TC: But I find it literally incredible that they can’t try this man for anything and just keep him locked up.

 

NC: So do I. I, and people like me, went potty about the 2000 Terrorism Act, where pretty much any kind of direct action was terrorism. If I’m at a meeting for, say, Chechen independence and some of the guys in the room in the meeting room are deemed terrorists, I could be arrested. If a bucket goes round and I give money, I could be arrested. In the last Iraq war in 1991, they rounded up ninety Palestinians and Iraqis, and the Palestinians were meant to be terrorists and the Iraqis meant to be Iraqi soldiers. By the end of the war, after people like me banged and banged and banged away at it, they had to release every single one of them, and said you’re fine to stay in Britain. It was just all wrong, all the people they rounded up were wrong. This time there was a guy they rounded up who was Gareth Pierce’s translator. He’s a Moroccan. And they said, “We’re locking you up because you’re a terrorist. But you’re free to go.” So he says, “Well, alright, I’m going to Morocco then. I‘m just a bloody translator.” It’s not a place you’d choose to go to if you were a radical Islamist. So he goes to Morocco, and we interview the head of the secret police in Morocco. He says, “There’s no way this guy’s a terrorist. We’d torture him if he was. No, he’s fine.” It’s the quality of the intelligence, and that is what they can’t get away from. Now, the sad thing is - it’s not sad in a way, it’s true - because as my old colleague Neil Ashton used to say, “Always watch the way governments treats foreigners; it’s the way they’d like to treat British citizens if they could get the chance. They’ve extended it to British citizens and now all hell’s breaking loose.”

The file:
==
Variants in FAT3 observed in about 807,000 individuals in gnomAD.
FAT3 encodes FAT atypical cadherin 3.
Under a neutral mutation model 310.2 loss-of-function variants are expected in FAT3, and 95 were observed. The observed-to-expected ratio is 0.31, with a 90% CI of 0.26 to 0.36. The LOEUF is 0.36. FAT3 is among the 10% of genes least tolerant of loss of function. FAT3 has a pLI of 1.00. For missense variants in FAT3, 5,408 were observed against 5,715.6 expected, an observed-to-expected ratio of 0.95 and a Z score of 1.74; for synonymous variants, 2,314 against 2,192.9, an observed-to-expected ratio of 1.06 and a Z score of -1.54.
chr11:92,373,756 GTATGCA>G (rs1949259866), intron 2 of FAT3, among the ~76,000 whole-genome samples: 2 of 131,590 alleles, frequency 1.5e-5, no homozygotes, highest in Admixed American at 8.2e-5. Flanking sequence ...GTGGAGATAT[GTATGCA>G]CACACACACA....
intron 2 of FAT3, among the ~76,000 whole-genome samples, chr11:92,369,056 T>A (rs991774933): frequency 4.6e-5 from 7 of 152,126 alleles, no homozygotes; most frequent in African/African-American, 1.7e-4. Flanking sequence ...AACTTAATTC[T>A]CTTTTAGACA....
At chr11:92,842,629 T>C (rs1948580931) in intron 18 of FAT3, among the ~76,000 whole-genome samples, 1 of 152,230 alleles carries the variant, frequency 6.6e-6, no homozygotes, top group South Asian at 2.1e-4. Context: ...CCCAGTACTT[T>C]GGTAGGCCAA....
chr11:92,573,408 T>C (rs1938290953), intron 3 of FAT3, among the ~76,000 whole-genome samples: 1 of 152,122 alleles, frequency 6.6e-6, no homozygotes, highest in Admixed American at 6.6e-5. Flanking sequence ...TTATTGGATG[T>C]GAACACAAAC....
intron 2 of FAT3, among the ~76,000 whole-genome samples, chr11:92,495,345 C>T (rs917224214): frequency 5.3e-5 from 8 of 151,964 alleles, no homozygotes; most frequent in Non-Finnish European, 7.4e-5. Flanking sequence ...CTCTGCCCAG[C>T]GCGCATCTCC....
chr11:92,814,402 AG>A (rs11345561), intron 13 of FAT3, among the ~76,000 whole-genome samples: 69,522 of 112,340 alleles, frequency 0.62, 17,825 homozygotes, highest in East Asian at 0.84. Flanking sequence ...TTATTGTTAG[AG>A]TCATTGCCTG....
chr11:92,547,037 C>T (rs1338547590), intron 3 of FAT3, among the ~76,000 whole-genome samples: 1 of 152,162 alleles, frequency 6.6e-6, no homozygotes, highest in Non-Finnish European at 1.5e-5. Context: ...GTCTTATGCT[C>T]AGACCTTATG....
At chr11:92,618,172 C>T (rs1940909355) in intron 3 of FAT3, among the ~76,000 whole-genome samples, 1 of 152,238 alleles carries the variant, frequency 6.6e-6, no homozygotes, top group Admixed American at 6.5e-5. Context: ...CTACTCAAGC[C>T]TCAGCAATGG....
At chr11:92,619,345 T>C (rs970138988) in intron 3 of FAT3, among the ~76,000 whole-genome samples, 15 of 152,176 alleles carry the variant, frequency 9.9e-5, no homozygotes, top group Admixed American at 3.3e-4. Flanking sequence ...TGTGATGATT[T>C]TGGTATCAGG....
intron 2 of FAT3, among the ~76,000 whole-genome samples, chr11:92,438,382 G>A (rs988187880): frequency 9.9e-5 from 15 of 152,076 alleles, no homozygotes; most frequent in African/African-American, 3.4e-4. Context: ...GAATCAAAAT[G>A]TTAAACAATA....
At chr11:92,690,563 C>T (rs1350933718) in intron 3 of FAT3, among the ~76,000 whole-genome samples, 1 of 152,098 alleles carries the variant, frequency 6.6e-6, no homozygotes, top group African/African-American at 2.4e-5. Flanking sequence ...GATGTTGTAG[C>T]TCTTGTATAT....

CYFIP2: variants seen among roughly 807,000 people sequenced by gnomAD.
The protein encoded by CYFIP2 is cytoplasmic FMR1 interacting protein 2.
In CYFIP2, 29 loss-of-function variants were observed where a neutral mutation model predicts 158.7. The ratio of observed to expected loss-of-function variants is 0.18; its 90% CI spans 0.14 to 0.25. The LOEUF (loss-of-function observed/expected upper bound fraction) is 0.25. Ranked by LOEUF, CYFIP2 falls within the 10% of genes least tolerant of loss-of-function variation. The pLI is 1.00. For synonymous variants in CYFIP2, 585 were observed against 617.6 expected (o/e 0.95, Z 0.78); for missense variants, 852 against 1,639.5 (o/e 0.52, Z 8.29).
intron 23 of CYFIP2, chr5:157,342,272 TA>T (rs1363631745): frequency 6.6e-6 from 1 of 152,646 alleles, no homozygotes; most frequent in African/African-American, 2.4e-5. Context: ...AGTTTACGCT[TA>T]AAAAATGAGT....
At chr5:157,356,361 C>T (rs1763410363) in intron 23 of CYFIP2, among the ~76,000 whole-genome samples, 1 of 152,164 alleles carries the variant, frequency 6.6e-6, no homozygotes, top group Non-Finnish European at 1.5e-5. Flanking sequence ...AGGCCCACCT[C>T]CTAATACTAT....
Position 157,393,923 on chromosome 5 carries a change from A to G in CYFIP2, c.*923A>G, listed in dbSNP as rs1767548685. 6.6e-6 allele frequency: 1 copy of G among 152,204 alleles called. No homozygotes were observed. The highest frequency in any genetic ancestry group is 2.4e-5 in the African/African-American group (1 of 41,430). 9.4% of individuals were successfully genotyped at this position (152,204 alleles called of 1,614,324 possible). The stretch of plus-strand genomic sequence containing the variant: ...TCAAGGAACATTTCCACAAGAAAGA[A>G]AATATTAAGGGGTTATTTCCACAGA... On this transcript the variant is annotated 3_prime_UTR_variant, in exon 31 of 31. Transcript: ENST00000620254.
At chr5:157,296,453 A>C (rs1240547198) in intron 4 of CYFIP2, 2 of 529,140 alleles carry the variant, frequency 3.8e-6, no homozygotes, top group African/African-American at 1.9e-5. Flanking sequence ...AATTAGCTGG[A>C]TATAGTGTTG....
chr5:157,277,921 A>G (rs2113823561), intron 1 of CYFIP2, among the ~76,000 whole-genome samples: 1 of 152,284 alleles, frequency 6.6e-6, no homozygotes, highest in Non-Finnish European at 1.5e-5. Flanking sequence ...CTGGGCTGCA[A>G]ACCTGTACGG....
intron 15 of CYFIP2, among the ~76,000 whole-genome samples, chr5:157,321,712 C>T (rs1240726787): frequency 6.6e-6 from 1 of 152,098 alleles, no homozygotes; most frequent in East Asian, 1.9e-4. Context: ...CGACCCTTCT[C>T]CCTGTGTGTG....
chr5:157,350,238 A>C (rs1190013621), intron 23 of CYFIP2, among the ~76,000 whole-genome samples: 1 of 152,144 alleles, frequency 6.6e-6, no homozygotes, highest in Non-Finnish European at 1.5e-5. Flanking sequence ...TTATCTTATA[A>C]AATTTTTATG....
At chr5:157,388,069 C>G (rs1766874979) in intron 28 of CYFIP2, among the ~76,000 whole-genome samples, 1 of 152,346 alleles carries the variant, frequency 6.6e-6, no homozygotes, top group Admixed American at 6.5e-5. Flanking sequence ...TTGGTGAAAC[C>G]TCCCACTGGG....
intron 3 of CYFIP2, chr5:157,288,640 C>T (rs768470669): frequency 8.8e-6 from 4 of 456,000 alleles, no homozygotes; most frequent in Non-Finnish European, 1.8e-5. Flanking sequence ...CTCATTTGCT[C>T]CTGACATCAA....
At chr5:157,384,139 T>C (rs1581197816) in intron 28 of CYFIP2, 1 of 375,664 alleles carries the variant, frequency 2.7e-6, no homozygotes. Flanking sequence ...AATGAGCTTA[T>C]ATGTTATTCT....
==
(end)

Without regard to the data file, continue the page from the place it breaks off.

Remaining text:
TC: We’re meeting a day after the House of Commons voted on Labour’s proposed anti-terror legislation. Bob Marshall-Andrews said that Labour MPs were desperate to find a way to vote the way Blair wants them to. They’re absolutely desperate because they know it’s wrong and they know the legislation won’t work. You have this idea that these people can be tagged or put under house arrest or some such nonsense, but everyone seems to have forgotten, and correct me if I’m wrong, that even some of the 9/11terrorists were being followed by the FBI. So if these guys are out on the streets, well, God knows what they’ll be up to. If you were serious about terrorism then you’d either put them in prison and throw away the key, and pass legislation like in France to allow that, or try them. The last thing you would do if you were really faced with fanatical terrorists is to tag them!